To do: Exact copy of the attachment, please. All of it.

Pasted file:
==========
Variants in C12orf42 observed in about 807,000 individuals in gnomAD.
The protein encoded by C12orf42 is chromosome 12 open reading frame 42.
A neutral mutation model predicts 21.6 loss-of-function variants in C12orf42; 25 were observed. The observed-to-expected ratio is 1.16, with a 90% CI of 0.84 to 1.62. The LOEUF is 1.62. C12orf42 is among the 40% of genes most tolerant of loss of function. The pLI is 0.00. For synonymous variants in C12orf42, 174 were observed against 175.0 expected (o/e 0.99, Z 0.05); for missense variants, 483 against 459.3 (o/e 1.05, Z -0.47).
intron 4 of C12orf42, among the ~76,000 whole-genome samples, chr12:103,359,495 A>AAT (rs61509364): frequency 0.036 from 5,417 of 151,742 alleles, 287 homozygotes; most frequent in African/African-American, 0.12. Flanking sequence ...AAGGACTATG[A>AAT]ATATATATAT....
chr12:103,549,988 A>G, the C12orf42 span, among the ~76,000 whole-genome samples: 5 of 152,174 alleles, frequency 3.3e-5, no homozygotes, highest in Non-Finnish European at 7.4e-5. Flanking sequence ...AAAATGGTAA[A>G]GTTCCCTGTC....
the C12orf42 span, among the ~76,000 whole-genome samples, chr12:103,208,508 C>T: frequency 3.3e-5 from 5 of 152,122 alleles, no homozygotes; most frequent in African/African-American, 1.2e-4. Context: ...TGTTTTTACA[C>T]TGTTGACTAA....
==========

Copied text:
Variants in C12orf42 observed in about 807,000 individuals in gnomAD.
The protein encoded by C12orf42 is chromosome 12 open reading frame 42.
A neutral mutation model predicts 21.6 loss-of-function variants in C12orf42; 25 were observed. The observed-to-expected ratio is 1.16, with a 90% CI of 0.84 to 1.62. The LOEUF is 1.62. C12orf42 is among the 40% of genes most tolerant of loss of function. The pLI is 0.00. For synonymous variants in C12orf42, 174 were observed against 175.0 expected (o/e 0.99, Z 0.05); for missense variants, 483 against 459.3 (o/e 1.05, Z -0.47).
intron 4 of C12orf42, among the ~76,000 whole-genome samples, chr12:103,359,495 A>AAT (rs61509364): frequency 0.036 from 5,417 of 151,742 alleles, 287 homozygotes; most frequent in African/African-American, 0.12. Flanking sequence ...AAGGACTATG[A>AAT]ATATATATAT....
chr12:103,549,988 A>G, the C12orf42 span, among the ~76,000 whole-genome samples: 5 of 152,174 alleles, frequency 3.3e-5, no homozygotes, highest in Non-Finnish European at 7.4e-5. Flanking sequence ...AAAATGGTAA[A>G]GTTCCCTGTC....
the C12orf42 span, among the ~76,000 whole-genome samples, chr12:103,208,508 C>T: frequency 3.3e-5 from 5 of 152,122 alleles, no homozygotes; most frequent in African/African-American, 1.2e-4. Context: ...TGTTTTTACA[C>T]TGTTGACTAA....